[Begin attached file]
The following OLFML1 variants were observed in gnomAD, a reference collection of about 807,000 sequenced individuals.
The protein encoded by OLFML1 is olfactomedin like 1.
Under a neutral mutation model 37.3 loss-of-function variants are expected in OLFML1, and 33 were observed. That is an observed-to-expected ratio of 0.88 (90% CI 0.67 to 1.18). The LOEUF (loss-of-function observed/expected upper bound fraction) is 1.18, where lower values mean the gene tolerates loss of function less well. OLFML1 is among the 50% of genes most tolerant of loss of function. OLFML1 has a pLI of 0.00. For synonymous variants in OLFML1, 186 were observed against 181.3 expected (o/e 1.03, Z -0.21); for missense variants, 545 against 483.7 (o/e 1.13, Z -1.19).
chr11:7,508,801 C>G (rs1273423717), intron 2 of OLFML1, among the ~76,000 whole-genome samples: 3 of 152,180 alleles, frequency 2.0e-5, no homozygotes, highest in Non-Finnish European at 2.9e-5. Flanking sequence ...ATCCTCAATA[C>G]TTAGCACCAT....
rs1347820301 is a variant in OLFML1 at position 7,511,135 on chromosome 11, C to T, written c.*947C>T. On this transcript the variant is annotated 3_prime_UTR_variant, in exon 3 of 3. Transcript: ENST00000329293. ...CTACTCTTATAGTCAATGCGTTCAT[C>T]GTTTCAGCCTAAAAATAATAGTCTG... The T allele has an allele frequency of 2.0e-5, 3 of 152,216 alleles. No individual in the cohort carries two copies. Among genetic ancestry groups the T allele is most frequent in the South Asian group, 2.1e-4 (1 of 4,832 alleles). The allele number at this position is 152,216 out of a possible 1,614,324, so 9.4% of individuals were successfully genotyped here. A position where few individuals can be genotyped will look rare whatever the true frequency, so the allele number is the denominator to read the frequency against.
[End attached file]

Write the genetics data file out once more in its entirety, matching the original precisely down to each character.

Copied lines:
The following OLFML1 variants were observed in gnomAD, a reference collection of about 807,000 sequenced individuals.
The protein encoded by OLFML1 is olfactomedin like 1.
Under a neutral mutation model 37.3 loss-of-function variants are expected in OLFML1, and 33 were observed. That is an observed-to-expected ratio of 0.88 (90% CI 0.67 to 1.18). The LOEUF (loss-of-function observed/expected upper bound fraction) is 1.18, where lower values mean the gene tolerates loss of function less well. OLFML1 is among the 50% of genes most tolerant of loss of function. OLFML1 has a pLI of 0.00. For synonymous variants in OLFML1, 186 were observed against 181.3 expected (o/e 1.03, Z -0.21); for missense variants, 545 against 483.7 (o/e 1.13, Z -1.19).
chr11:7,508,801 C>G (rs1273423717), intron 2 of OLFML1, among the ~76,000 whole-genome samples: 3 of 152,180 alleles, frequency 2.0e-5, no homozygotes, highest in Non-Finnish European at 2.9e-5. Flanking sequence ...ATCCTCAATA[C>G]TTAGCACCAT....
rs1347820301 is a variant in OLFML1 at position 7,511,135 on chromosome 11, C to T, written c.*947C>T. On this transcript the variant is annotated 3_prime_UTR_variant, in exon 3 of 3. Transcript: ENST00000329293. ...CTACTCTTATAGTCAATGCGTTCAT[C>T]GTTTCAGCCTAAAAATAATAGTCTG... The T allele has an allele frequency of 2.0e-5, 3 of 152,216 alleles. No individual in the cohort carries two copies. Among genetic ancestry groups the T allele is most frequent in the South Asian group, 2.1e-4 (1 of 4,832 alleles). The allele number at this position is 152,216 out of a possible 1,614,324, so 9.4% of individuals were successfully genotyped here. A position where few individuals can be genotyped will look rare whatever the true frequency, so the allele number is the denominator to read the frequency against.